Defense Secretary Frank C. Carlucci yesterday ordered an expansion of job opportunities for women in the Air Force and Marine Corps, including the assignment of female Marines to embassy guard duty.

Carlucci also ordered adoption of new "risk analysis" rules for determining if military jobs should be closed to women; ordered the Army to launch a new review of its male-only jobs, and called for new instruction courses for all military personnel aimed at stamping out sexual harassment.

In addition, he endorsed an earlier Navy decision to open roughly 9,900 new jobs to female sailors and officers.

David J. Armor, principal deputy assistant secretary for personnel, announced Carlucci's moves at a news conference as he released a special task force report on women in the military. Armor chaired the panel, which was formed in October after another advisory committee reported strong evidence of sexual harassment and abuse in the Navy and Marine Corps.

"The task force did find that sexual harassment is a problem and remains a problem in all the services," Armor said. "And we need to strengthen our mechanisms for dealing with it."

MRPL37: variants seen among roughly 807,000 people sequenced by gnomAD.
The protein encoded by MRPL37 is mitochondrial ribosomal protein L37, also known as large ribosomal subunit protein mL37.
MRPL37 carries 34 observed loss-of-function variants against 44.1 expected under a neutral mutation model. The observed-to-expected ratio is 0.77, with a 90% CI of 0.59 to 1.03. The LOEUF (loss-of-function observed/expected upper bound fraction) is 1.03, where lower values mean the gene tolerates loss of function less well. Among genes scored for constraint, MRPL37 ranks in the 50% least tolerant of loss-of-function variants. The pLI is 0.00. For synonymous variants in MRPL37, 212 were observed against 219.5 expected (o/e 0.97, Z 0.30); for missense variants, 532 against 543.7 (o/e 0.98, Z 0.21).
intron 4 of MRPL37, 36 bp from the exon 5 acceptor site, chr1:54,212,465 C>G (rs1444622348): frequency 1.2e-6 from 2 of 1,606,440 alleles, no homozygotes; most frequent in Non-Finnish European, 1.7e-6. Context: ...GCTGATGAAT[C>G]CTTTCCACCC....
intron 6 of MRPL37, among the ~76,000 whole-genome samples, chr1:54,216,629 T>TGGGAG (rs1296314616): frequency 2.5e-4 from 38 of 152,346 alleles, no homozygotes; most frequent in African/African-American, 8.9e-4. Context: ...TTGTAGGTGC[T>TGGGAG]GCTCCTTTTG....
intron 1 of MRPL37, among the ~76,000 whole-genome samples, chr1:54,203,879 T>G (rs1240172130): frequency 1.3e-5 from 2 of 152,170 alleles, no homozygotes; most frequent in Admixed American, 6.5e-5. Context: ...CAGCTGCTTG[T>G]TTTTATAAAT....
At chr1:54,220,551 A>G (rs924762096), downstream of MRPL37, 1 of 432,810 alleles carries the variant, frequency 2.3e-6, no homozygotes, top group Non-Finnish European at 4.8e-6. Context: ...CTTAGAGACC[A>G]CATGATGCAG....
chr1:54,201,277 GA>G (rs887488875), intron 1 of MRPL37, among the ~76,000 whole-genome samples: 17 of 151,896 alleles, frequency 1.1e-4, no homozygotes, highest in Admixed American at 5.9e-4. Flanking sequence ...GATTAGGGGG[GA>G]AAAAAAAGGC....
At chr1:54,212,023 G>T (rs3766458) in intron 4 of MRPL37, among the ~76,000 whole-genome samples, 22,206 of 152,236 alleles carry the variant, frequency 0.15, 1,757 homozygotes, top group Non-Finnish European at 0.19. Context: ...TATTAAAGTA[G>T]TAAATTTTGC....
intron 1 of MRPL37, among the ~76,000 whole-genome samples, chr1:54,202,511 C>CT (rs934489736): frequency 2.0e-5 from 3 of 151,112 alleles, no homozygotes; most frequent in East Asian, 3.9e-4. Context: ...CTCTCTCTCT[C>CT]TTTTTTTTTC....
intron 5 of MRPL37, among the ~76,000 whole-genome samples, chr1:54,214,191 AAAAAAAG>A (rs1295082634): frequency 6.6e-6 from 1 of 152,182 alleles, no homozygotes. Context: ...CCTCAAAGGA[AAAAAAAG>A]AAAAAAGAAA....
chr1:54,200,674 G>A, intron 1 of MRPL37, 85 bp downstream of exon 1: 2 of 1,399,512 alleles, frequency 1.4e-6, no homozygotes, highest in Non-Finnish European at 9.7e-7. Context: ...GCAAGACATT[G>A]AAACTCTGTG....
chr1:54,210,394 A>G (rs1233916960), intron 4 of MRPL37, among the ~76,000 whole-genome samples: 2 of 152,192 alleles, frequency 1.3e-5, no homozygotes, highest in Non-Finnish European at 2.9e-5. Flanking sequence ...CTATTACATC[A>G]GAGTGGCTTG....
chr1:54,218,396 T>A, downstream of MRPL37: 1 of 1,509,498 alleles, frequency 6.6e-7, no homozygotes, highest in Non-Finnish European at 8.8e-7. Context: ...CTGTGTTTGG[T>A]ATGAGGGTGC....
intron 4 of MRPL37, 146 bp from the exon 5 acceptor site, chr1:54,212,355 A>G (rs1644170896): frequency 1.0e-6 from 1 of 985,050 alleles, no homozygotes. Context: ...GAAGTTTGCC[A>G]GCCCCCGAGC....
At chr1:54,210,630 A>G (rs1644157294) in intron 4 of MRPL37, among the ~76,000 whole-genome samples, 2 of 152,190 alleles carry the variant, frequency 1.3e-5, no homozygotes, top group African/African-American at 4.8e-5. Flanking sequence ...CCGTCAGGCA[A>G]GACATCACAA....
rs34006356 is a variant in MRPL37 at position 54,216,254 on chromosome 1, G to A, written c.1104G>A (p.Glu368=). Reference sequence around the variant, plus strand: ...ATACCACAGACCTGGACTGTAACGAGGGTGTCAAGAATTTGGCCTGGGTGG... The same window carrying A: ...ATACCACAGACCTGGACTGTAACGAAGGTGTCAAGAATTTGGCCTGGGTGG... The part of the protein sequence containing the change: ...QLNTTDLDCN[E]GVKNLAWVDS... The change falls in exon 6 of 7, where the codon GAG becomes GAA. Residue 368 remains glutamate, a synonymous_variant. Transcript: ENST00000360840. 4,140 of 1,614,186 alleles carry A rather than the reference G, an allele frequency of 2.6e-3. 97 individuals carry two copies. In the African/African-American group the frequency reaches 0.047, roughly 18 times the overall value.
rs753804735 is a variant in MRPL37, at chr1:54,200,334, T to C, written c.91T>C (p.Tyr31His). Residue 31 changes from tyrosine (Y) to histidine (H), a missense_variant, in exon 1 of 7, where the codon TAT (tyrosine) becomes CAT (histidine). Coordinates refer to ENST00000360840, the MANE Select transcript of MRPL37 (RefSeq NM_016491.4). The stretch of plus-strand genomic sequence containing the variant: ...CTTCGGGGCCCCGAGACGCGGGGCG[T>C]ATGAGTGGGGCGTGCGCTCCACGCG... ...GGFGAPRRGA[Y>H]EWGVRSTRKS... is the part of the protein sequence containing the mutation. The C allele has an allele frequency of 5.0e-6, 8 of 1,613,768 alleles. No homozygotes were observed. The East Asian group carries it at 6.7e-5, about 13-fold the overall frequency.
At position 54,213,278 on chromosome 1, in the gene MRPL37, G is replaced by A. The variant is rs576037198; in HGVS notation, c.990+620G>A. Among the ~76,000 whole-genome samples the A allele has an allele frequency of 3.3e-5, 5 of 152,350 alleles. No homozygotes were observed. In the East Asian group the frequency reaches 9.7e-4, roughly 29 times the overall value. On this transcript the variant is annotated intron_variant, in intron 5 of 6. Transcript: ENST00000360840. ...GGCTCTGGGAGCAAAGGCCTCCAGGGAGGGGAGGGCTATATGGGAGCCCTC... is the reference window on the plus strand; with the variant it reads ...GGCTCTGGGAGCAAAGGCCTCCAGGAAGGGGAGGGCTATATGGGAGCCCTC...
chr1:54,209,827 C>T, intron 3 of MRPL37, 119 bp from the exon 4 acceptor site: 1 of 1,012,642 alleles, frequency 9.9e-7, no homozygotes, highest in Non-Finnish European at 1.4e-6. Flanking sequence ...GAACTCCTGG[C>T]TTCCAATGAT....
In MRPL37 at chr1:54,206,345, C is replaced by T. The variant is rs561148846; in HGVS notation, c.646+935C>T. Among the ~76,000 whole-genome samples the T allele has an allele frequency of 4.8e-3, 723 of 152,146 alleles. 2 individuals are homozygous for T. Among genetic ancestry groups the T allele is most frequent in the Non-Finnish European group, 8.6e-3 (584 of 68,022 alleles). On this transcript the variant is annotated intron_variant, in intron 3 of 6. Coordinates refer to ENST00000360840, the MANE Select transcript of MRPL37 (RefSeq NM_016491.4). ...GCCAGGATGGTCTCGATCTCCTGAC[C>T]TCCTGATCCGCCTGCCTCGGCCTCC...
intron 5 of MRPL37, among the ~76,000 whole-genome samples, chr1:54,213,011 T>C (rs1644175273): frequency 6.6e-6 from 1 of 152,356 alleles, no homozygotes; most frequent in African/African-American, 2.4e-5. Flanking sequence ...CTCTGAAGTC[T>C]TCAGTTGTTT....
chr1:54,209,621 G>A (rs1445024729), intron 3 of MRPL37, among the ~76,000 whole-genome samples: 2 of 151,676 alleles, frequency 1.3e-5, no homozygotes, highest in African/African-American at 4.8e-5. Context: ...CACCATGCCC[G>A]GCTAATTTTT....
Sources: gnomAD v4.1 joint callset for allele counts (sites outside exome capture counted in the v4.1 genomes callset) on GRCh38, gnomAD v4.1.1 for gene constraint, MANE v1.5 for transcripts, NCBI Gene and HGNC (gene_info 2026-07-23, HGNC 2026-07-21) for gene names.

The defense secretary accepted a recommendation ordering the services to ensure that "backup reporting systems" are in place so that women who suffer harassment can pursue complaints when their local commander fails to respond.

In reviewing the current status of women in the military, the task force discovered that the four services were at times inconsistent in interpreting a congressional ban on women in combat jobs, Armor said.

For example, although the Marine Corps has the sole responsibility for protecting embassies overseas, similar security guard positions within the Army and Air Force have been opened to women but remain closed in the corps.

As a result, Carlucci decided to direct the corps to open the Marine Security Battalion to women, Armor said.

Armor stressed that Carlucci was leaving it to Gen. A.M. Gray, the commandant of the Marine Corps, to decide how many embassies around the world could be guarded by women. There are some embassies where the use of women guards might be inappropriate, either because of societal norms or because of a high risk of terrorism, Armor said.

Armor said Carlucci also had directed another 3,600 Air Force jobs opened to women. The Army had opened its heavy engineering units to women, he explained, while the Air Force had kept closed its so-called Red Horse and Mobile Aerial Port squadrons.